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This information was automatically generated from data provided by MOA: University of British Columbia. It has been standardized to aid in finding and grouping information within the RRN. Accuracy and meaning should be verified from the Data Source tab.


Figure representing a person on a flat backing of white paper. Front view is depicted of the figure which is made of cloth lightly padded to give a three-dimensional effect having each portion made of a separate piece of cloth with painted details. Face is made of white silk. Head is covered with a green silk coat that has sleeves hanging free, a red-purple collar, a white paper ornament on the forehead, red ribbon at the front, and white cotton cuffs. Under the coat, there is a red, and blue shirt, a light blue-grey silk skirt, two pairs of loose off-white trousers, white socks, and low red shoes. Two pieces of white flannel hemmed in light red-pink silk with a loop of the same thread at the top are glued to the paper backing.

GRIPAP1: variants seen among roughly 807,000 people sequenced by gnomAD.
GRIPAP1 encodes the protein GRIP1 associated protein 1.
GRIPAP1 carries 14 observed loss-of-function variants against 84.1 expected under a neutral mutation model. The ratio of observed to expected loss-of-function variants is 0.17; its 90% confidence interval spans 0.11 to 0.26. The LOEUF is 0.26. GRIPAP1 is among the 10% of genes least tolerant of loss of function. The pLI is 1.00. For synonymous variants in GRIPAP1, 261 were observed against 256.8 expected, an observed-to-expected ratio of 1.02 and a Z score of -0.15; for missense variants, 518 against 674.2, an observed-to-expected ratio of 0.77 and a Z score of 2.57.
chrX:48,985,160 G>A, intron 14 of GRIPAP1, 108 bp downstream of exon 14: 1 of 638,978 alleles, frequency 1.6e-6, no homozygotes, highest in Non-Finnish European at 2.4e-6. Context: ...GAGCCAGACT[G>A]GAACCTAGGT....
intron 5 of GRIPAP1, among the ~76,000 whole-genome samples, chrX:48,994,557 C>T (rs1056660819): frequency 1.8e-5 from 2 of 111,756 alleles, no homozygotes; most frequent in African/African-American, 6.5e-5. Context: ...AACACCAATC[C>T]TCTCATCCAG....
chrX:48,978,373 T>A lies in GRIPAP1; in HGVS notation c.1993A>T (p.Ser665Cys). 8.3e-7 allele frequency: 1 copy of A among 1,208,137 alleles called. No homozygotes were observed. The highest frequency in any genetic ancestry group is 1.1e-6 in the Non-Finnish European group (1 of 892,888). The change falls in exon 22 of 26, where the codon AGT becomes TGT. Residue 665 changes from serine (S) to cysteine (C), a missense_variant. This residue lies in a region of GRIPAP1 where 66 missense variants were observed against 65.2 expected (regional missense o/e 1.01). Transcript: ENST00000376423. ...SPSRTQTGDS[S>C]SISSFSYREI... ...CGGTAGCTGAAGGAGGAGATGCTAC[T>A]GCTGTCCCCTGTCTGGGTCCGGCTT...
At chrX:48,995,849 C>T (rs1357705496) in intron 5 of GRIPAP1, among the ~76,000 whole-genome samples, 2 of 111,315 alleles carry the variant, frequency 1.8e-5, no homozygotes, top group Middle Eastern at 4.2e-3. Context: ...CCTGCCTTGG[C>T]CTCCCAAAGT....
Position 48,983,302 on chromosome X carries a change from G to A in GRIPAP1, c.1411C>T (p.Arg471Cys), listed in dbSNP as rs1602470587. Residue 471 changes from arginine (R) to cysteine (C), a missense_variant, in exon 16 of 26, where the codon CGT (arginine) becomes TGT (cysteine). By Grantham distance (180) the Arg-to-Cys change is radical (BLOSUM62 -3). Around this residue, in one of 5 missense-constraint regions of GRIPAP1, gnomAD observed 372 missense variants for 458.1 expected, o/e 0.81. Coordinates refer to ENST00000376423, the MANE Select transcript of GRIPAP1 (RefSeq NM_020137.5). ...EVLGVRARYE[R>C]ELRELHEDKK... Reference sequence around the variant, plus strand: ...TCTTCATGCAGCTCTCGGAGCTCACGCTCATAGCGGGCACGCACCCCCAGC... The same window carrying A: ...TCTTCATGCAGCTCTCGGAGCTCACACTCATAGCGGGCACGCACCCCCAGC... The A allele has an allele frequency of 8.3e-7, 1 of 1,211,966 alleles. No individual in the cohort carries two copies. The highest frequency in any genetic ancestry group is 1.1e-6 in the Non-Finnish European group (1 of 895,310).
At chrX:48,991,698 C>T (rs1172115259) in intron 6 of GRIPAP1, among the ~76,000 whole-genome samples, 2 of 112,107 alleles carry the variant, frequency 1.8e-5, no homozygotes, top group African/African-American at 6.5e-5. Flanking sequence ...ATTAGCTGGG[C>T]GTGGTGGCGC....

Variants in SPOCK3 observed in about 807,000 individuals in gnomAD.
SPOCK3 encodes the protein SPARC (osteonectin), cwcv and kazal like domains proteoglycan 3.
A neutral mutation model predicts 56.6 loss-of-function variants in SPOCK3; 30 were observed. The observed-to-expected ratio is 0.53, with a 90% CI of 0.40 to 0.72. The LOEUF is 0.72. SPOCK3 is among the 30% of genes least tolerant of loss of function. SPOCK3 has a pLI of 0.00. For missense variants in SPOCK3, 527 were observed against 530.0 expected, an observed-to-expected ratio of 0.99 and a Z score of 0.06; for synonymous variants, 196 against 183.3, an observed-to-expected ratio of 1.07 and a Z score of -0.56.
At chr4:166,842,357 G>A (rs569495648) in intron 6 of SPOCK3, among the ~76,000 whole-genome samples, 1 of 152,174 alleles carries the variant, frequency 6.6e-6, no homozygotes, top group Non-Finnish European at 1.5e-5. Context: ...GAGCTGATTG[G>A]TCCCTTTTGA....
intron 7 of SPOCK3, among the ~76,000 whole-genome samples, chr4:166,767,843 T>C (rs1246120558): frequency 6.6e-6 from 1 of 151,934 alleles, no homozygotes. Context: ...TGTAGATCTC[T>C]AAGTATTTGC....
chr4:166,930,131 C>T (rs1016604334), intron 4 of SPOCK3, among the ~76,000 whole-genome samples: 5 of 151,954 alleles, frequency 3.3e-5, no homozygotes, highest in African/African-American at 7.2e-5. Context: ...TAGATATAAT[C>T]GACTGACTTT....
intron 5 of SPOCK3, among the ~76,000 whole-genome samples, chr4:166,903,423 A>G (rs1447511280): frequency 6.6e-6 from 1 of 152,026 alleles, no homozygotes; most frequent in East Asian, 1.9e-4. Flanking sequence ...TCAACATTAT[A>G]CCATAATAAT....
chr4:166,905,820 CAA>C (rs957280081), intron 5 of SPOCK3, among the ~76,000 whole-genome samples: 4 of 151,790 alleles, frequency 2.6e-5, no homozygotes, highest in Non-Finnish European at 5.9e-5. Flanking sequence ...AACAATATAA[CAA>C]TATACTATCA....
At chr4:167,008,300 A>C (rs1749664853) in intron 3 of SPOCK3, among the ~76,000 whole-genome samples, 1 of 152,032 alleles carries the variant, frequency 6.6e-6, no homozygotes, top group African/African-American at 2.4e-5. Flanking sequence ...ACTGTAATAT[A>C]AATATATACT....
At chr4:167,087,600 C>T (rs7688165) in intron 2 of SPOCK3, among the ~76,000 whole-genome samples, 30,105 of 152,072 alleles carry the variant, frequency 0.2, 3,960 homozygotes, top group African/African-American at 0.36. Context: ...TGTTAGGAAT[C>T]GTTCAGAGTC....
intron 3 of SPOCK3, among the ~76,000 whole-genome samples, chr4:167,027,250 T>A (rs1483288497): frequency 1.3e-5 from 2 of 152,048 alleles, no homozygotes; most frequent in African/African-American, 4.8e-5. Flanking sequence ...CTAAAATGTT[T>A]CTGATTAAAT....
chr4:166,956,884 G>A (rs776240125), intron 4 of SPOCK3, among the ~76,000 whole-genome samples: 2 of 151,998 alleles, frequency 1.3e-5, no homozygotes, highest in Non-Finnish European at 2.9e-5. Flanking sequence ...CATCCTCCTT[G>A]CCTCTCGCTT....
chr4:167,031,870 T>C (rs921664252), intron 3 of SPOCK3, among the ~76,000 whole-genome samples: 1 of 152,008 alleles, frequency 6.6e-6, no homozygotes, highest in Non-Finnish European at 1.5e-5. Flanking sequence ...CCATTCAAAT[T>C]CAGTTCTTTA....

History Of Use

Probably made for sale to European and North Americans, possibly under missionary influence. Figure represents middle or upper class woman in outdoor dress, during the late 19th to early 20th centuries. Such women were kept in near seclusion, and would not appear in the streets without a coat used in this way to cover the head, drawing it over the face as a man approached. The use of this coat as head cover (changot) was forbidden to the lowest class of women.


Collected by J. H. Morris while he was chief engineer for Seoul Railway, Korea.

Item History

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